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The videogames industry is seen as an exciting one. Around 9,220 people work in the industry which, in the UK alone, is worth some £1 billion each year. There are more than 450 studios in the UK of varying sizes, from programmers operating alone to those employing hundreds. It’s a varied industry with lots of opportunity.

Tablets and smartphones have provided a massive boost to gaming since these devices allow games to be played and, given that they are mainstream, millions of people effectively have a games machine in their hands. Along with major consoles from Nintendo, Sony and Microsoft, smaller machines including the Ouya and computers such as the PC and Mac, there are just so many platforms on which to develop and this means, with the right skills, you can forge a very successful career.

Employers tend to like graduates with maths and physics. Computer science is an important degree. Specific games courses tend to split the industry with some believing them to be very useful whereas others find them not to be. A passion for games and a feel for programming, art, sound or any one of a number of disciplines that go to make up the industry, however, is a must.

Here we look at the various roles within gaming.

Games Designer

A games designer controls how a game plays and what is contained within it. To be effective, they need to understand every aspect of their game. They need to be good managers since they delegate to members of their team various aspects of the design process from programming to art to sound.

Part of their role is to map out a game’s environment, detailing the layout and helping to build the digital worlds in which people play. They use 3D modelling programs to create and edit sections of the game which helps them communicate their vision to their team.

Games Artists

Using complex 3D modelling and animation packages, game artists produce the images which make up a game’s environment. They work on the characters, objects, buildings and landscapes under the direction of a lead artist, in liaison with a games designer.

Animators take this art and define and create their movement. This is a vital step in ensuring the games are immersive and interactive. Animators and artists work closely together in modelling their virtual worlds.


Programmers are like the glue which holds all of the various elements of games together. They create the code which allow the graphics and sound to be manipulated by the player and they devise the techniques which ensure the games actually work.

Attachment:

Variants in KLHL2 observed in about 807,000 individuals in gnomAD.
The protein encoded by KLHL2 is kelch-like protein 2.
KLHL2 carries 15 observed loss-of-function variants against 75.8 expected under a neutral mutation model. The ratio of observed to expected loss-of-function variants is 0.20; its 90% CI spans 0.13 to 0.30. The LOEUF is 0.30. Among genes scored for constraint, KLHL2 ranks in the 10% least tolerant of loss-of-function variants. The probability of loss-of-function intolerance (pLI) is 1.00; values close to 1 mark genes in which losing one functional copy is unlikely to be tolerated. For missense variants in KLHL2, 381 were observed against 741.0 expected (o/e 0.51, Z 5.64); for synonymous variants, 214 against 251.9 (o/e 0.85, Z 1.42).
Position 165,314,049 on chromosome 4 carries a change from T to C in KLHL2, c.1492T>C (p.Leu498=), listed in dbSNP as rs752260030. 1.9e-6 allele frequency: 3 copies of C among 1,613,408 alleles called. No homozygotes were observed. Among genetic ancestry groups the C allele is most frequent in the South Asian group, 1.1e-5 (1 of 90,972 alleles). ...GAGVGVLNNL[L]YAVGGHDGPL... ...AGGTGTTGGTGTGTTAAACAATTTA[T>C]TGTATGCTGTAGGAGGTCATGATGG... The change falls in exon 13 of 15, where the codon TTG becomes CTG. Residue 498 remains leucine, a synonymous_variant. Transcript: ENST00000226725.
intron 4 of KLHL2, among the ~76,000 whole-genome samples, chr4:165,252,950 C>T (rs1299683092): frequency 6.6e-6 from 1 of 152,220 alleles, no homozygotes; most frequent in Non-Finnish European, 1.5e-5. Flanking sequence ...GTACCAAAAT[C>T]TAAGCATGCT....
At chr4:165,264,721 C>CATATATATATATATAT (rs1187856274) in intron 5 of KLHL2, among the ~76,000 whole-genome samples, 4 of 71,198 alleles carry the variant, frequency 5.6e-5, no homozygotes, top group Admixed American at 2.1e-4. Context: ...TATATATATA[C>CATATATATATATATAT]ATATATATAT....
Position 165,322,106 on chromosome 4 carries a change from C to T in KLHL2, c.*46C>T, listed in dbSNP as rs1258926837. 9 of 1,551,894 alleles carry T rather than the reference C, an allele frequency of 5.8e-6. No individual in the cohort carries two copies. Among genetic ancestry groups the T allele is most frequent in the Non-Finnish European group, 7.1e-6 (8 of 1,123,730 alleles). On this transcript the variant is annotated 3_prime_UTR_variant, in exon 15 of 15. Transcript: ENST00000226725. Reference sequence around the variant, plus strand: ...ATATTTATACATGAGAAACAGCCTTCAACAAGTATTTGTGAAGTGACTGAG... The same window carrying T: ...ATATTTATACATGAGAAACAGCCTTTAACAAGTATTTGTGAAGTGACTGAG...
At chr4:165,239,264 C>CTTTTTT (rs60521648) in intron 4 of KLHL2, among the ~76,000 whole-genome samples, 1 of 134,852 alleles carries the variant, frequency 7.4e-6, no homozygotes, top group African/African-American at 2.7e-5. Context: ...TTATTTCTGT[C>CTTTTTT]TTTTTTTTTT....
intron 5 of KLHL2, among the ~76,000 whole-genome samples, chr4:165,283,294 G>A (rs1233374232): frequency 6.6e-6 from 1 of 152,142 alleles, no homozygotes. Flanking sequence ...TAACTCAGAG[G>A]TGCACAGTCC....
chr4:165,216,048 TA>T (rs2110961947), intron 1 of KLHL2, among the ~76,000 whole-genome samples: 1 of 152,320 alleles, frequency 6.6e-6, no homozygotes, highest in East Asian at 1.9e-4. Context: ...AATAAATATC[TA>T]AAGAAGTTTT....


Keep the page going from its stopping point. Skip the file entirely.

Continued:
It is the programmers who inject games with artificial intelligence (a field of computer science dedicated to producing programs that attempt to mimic the processes of the human brain). They will also work on character control, graphic rendering and on perfecting the gameplay and good teamwork is vital, as is the ability to solve problems.


Those working in audio create the music and sound which goes into games. Most games also have speech and it is the sound men and women who record this dialogue and supervise voice performances.

They also look after the sound effects in games and work with programmers to ensure the right sounds are used at the appropriate times – often in games the music alters depending on the stage of the game or whether or not there is imminent danger.

Quality Assurance

When a game is complete, it must be rigorously tested. It is the job of the Quality Assurance department to put a game through its paces, testing every nook and cranny of a game, looking at every conceivable way to crash or damage the game. This way, when the game is finally shipped, the developers can ensure the titles are as bug-free as possible, although it is fair to say some glitches do slip through.

As bugs and faults are found, the developers iron them out. Testers have to sit with a game for days on end. It is seen as a way into the industry for many.

Production Management and Publishing

Developers produce the games. They can be in-house (that is, part of a publishing company) or independent (selling their produced games via whichever publisher they wish to sign up to).

Publishers sell and market the games produced by developers. A developer will have a producer or project manager who oversees the game’s production. An external producer would work at the publishing company and ensure not only that the game is coming along well but also that the marketing teams are geared up for the publicity drive.

Other roles

Not everyone is directly involved in the making of a game. The industry employs people from wide range of disciples including marketing, PR, human resources, administration, and IT support.

David Crookes is the communications manager for TIGA, the non-profit trade association representing the UK’s games industry.

About the Author

  • Organisation:
  • About David Crookes: David has worked as a journalist and PR executive in the videogames industry for eight years. He also curates the Videogame Nation exhibition which looks at the history of games in the UK.

David Crookes

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